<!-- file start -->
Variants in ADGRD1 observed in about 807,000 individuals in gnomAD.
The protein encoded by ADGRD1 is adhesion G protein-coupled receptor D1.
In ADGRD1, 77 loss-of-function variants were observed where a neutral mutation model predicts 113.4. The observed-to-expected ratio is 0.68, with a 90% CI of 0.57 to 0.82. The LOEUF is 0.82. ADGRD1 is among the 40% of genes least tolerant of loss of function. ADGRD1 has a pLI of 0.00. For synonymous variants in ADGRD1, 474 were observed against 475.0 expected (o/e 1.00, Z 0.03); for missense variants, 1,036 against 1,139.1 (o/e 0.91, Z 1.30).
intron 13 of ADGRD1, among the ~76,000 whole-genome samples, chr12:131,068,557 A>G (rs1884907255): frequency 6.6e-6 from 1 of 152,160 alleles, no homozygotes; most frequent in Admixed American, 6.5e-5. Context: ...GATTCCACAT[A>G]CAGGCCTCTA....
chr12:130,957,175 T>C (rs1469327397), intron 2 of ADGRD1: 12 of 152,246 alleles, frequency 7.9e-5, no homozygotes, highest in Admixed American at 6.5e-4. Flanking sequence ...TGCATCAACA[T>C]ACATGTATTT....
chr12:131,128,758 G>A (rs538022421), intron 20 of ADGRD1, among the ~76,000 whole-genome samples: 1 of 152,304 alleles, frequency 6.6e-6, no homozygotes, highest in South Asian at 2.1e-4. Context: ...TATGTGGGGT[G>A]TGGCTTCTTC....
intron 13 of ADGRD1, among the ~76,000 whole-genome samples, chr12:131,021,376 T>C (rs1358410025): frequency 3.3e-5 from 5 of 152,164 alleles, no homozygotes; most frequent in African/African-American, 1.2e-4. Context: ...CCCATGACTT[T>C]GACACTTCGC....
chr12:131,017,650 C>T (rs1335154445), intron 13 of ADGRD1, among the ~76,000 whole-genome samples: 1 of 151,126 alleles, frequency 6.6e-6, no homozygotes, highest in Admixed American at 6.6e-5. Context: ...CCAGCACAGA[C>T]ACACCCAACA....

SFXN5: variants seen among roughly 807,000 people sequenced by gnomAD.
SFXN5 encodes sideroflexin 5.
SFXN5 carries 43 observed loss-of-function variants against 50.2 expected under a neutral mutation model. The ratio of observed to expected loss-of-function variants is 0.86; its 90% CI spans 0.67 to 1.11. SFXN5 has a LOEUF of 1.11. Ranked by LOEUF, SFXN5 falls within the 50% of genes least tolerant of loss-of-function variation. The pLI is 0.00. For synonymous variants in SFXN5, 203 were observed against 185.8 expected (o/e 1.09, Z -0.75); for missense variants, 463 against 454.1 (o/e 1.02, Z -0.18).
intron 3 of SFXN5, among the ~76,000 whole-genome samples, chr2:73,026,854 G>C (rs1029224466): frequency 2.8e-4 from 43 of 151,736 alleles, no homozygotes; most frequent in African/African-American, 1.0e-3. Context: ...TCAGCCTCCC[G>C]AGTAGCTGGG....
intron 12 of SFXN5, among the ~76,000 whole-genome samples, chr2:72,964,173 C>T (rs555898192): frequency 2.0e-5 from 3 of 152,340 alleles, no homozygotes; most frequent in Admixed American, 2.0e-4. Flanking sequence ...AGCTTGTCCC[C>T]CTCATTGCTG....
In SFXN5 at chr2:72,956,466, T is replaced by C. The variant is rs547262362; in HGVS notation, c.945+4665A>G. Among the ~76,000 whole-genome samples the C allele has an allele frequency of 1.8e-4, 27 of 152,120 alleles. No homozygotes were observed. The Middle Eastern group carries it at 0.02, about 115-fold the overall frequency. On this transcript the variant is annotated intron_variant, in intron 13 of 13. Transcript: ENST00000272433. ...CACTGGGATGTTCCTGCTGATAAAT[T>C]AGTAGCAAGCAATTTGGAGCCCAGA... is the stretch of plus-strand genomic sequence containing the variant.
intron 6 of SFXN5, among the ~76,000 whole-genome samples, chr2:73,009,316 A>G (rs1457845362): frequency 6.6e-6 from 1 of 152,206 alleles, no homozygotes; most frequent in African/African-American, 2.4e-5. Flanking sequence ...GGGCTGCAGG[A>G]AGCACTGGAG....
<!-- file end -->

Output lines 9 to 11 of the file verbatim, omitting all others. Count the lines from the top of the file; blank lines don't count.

SFXN5: variants seen among roughly 807,000 people sequenced by gnomAD.
SFXN5 encodes sideroflexin 5.
SFXN5 carries 43 observed loss-of-function variants against 50.2 expected under a neutral mutation model. The ratio of observed to expected loss-of-function variants is 0.86; its 90% CI spans 0.67 to 1.11. SFXN5 has a LOEUF of 1.11. Ranked by LOEUF, SFXN5 falls within the 50% of genes least tolerant of loss-of-function variation. The pLI is 0.00. For synonymous variants in SFXN5, 203 were observed against 185.8 expected (o/e 1.09, Z -0.75); for missense variants, 463 against 454.1 (o/e 1.02, Z -0.18).